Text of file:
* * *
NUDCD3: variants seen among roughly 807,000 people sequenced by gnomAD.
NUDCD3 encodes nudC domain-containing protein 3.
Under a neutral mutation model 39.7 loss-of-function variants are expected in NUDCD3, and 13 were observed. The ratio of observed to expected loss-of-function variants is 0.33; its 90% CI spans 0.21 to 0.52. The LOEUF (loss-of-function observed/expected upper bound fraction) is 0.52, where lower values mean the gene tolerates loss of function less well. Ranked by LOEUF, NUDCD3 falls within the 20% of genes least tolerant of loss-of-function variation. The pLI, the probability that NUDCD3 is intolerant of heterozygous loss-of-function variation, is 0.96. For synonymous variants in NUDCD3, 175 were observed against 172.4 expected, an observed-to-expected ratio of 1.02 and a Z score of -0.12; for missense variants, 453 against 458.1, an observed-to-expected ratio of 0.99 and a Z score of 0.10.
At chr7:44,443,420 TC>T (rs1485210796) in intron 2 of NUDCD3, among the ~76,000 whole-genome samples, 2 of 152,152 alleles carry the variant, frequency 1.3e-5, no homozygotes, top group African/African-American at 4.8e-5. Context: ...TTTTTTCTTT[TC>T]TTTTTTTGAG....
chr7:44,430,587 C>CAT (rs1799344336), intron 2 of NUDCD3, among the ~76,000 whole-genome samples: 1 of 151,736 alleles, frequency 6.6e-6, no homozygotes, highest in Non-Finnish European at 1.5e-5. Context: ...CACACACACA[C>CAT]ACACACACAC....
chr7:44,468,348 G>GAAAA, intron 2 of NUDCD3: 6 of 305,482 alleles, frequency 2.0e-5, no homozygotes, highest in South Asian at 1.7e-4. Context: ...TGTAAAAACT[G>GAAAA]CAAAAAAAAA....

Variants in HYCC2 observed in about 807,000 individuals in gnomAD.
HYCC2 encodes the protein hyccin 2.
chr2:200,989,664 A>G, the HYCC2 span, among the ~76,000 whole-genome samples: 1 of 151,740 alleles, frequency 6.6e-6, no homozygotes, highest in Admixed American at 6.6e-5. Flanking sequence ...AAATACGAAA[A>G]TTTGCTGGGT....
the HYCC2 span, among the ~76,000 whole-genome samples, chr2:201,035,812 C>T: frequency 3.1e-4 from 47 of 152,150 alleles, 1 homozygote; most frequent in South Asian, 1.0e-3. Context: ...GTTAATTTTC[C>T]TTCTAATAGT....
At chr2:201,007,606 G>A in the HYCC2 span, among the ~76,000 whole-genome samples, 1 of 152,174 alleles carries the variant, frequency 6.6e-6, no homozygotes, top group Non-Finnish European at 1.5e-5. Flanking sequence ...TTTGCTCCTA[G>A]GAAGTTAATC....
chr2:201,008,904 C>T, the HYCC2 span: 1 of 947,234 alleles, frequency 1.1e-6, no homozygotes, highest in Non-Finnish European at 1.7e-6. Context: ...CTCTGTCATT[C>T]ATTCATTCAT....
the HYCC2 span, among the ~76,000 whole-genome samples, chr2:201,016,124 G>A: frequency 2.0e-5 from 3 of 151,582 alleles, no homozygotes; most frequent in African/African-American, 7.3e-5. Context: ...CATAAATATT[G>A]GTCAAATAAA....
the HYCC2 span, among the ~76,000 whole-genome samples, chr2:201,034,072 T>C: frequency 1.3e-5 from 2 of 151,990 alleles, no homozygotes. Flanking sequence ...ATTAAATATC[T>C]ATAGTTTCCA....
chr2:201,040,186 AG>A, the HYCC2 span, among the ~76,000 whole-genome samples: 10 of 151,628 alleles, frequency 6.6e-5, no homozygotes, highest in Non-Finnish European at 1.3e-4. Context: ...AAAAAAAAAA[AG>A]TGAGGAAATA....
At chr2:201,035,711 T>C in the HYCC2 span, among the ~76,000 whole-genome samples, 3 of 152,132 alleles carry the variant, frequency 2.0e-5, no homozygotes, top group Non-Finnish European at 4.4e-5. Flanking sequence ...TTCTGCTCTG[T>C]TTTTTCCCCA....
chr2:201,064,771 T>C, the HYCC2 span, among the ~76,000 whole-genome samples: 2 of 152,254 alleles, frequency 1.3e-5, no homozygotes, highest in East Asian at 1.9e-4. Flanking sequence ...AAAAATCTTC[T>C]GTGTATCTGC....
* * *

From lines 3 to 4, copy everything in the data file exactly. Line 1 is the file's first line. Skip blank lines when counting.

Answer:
Under a neutral mutation model 39.7 loss-of-function variants are expected in NUDCD3, and 13 were observed. The ratio of observed to expected loss-of-function variants is 0.33; its 90% CI spans 0.21 to 0.52. The LOEUF (loss-of-function observed/expected upper bound fraction) is 0.52, where lower values mean the gene tolerates loss of function less well. Ranked by LOEUF, NUDCD3 falls within the 20% of genes least tolerant of loss-of-function variation. The pLI, the probability that NUDCD3 is intolerant of heterozygous loss-of-function variation, is 0.96. For synonymous variants in NUDCD3, 175 were observed against 172.4 expected, an observed-to-expected ratio of 1.02 and a Z score of -0.12; for missense variants, 453 against 458.1, an observed-to-expected ratio of 0.99 and a Z score of 0.10.
At chr7:44,443,420 TC>T (rs1485210796) in intron 2 of NUDCD3, among the ~76,000 whole-genome samples, 2 of 152,152 alleles carry the variant, frequency 1.3e-5, no homozygotes, top group African/African-American at 4.8e-5. Context: ...TTTTTTCTTT[TC>T]TTTTTTTGAG....